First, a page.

Galloway suffers the slings and arrows as he is hit by 'stress ball'

The latest bizarre episode in the life of George Galloway happened in public yesterday, when a rubber "stress ball" flung from an office window scored a direct hit on the MP as he campaigned in central London.

Mr Galloway, who is standing for a seat in the London Assembly, was on the upper deck of his open-topped battle bus when the missile caught him on the temple, leaving him dazed and bruised.

The ball was believed to have been thrown from the third-floor window of a block on Theobalds Road, Holborn. The police were called and a man was arrested. Scotland Yard said he was being held in custody last night.

Mr Galloway, who has survived expulsion from the Labour Party over his comments on the Iraq war as well as an appearance on Celebrity Big Brother, where he famously pretended to be a cat while wearing a leotard, resumed campaigning after a cup of tea.

Today he is to tour Kingston, Wandsworth and Tooting. Mr Galloway's campaign organisers are said to see yesterday afternoon's incident as a potentially dangerous prank but to have little desire to pursue charges against the alleged perpetrator. The Sun newspaper's website quoted a friend of the arrested man who said it had been a "spur of the moment" act.

Mr Galloway said: "It was, of course, a shock. I have been out campaigning for the past two and a half weeks in the battle bus, and nothing like this has happened.

"We have had an extremely good response from voters and I certainly won't let this deter me from campaigning every day between now and the close of polls for the London Assembly on Thursday next week."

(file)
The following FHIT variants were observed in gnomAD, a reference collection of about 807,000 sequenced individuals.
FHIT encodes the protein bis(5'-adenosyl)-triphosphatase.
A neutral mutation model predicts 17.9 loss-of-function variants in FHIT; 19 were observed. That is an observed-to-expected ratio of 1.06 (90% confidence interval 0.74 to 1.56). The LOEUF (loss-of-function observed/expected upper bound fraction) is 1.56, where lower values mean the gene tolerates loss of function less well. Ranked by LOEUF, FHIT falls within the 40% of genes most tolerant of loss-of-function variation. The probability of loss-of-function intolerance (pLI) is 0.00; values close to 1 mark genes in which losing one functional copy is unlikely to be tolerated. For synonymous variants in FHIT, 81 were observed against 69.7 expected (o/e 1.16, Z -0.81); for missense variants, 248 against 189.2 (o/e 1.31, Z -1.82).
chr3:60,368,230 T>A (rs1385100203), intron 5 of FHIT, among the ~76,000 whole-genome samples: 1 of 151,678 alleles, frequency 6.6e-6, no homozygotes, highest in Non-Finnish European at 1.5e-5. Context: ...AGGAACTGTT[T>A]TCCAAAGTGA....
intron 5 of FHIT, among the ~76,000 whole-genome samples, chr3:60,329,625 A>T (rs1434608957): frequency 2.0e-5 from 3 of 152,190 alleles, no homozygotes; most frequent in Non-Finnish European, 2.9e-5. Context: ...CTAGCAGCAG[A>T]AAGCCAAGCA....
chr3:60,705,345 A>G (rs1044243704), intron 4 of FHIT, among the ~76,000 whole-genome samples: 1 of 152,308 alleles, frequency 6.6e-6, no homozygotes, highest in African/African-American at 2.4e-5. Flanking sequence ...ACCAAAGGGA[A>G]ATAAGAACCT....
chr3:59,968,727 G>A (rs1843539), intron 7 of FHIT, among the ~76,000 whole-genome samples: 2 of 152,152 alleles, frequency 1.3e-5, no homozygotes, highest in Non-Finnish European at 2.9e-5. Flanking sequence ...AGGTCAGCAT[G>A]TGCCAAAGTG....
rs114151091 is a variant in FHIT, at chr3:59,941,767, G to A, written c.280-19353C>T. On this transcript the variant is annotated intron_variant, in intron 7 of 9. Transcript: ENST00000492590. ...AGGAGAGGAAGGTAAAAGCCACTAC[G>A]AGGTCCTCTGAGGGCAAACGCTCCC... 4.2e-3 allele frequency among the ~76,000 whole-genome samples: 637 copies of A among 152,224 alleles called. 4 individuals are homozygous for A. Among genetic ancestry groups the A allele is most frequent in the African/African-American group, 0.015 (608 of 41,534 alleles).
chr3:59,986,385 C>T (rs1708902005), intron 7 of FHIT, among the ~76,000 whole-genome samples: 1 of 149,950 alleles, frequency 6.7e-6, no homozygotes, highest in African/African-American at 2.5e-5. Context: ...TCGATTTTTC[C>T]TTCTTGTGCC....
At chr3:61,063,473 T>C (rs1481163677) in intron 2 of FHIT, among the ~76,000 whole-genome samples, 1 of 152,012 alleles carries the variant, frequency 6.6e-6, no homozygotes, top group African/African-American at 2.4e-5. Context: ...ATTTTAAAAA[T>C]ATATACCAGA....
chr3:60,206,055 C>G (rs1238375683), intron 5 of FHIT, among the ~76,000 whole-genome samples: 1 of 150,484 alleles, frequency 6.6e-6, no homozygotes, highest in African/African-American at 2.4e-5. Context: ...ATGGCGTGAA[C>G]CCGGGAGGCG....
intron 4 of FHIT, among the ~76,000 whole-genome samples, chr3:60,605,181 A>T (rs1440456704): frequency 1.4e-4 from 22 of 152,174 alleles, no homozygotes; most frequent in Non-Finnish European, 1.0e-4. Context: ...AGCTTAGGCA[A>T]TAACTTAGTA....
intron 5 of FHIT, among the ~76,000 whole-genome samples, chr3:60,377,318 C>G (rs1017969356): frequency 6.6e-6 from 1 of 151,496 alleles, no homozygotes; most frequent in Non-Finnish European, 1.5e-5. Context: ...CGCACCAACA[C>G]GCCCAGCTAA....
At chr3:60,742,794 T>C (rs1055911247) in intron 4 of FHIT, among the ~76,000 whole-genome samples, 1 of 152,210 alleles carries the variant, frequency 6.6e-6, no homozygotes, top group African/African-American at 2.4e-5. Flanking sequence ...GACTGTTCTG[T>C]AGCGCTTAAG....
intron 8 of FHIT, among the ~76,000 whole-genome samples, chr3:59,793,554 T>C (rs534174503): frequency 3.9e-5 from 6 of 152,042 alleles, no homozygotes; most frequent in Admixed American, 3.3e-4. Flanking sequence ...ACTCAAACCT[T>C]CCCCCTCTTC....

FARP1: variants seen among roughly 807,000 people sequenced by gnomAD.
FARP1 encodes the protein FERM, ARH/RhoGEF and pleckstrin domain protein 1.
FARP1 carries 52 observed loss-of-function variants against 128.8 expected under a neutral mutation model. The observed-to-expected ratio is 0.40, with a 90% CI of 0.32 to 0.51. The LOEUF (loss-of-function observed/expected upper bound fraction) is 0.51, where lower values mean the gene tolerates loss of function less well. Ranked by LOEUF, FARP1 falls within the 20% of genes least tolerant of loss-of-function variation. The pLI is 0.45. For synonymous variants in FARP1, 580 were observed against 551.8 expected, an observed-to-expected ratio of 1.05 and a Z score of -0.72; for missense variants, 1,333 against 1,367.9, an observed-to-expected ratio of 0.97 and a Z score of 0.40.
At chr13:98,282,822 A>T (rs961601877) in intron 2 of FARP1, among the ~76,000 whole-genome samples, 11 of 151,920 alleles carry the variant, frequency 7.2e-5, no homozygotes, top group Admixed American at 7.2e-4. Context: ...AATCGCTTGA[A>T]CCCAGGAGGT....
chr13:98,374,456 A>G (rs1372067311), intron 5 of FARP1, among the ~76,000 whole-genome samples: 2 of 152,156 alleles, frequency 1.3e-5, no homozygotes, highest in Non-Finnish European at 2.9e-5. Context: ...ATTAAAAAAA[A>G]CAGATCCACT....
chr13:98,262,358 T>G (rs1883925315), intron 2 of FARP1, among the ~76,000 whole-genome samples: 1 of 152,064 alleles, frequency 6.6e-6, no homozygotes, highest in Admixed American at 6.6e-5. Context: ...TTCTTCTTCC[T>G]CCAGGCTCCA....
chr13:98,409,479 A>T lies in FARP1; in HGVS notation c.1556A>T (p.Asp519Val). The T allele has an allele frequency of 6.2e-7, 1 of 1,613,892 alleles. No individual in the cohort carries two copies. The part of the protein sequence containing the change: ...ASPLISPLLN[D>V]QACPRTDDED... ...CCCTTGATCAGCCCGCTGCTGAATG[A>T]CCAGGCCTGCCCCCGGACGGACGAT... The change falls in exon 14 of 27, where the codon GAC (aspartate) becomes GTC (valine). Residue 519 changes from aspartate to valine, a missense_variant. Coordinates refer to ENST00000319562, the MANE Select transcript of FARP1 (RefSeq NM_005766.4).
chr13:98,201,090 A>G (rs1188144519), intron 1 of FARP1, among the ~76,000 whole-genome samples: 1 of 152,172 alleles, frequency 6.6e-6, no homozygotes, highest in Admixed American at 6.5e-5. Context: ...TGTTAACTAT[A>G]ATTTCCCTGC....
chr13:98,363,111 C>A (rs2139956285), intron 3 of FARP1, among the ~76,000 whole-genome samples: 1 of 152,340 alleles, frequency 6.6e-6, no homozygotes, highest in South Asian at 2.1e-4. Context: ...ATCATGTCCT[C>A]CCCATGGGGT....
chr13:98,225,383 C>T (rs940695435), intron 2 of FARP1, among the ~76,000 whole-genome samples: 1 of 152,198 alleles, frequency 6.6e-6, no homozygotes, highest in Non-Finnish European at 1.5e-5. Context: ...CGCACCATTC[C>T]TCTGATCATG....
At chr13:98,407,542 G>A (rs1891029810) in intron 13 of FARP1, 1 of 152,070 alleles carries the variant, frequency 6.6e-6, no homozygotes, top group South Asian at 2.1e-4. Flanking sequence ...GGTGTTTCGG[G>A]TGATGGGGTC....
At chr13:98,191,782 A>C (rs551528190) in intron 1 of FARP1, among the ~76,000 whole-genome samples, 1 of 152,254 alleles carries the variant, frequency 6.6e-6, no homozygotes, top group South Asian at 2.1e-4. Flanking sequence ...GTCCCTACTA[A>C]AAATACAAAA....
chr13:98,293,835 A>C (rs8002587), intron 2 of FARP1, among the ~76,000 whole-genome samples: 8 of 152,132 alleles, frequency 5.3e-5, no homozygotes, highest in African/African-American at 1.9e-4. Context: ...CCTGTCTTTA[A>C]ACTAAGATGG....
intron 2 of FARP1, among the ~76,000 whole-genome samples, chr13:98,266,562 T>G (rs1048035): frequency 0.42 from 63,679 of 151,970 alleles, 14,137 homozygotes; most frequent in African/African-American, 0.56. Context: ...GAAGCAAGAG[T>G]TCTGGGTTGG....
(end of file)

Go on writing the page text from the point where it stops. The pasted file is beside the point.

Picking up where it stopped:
An aide, Kevin Ovenden, who was with Mr Galloway when he was hit, said: "George was on the top of his campaign bus with a dozen people including two very small children, up at the front with a microphone.

"He was hit on the left side of his head and was momentarily dazed. Because of the impact of the blow, he lost his balance and hit the other side of his head on the side of the bus. We stopped the bus and called the police."

Mr Ovenden described the missile as hard, hollow and slightly smaller than a tennis ball, and said it left Mr Galloway with a "nasty bruise" on the side of his head.

Mr Galloway, 53, has been the Respect Party MP for Bethnal Green and Bow since ousting the Labour MP Oona King in the 2005 general election.

Always a controversial figure – he marched alongside Gerry Adams to campaign against British policy in Ireland – Mr Galloway had, throughout the 1990s, argued vociferously for overturning sanctions against Saddam Hussein's regime, and he also visited the dictator in Iraq.

He was expelled from the Labour Party in October 2003 after expressing views that the party chairman, Ian McCartney, said "incited foreign forces to rise up against British troops". He also accused Tony Blair and US President George Bush of acting "like wolves" over Iraq.

Mr Galloway then helped found the anti-war party Respect in 2004. In December that year, he was awarded £150,000 in libel damages from The Daily Telegraph after suing the paper over articles which claimed he had received payments from Saddam Hussein's regime. He denied ever seeking or receiving money from the Iraqi government, and said he had long opposed it.

On his website, he says of his local election campaign: "The Assembly is meant to be London's government but virtually no one has ever heard of anybody on it. I want to change that."

Start your day with The Independent, sign up for daily news emails
Have you tried new the Independent Digital Edition apps?
ebooks
ebooksAn introduction to the ground rules of British democracy
Latest stories from i100
Have you tried new the Independent Digital Edition apps?
SPONSORED FEATURES
Independent Dating
and  

By clicking 'Search' you
are agreeing to our
Terms of Use.

iJobs Job Widget
iJobs General

Recruitment Genius: Technical Author / Multimedia Writer

Negotiable: Recruitment Genius: This recognized leader in providing software s...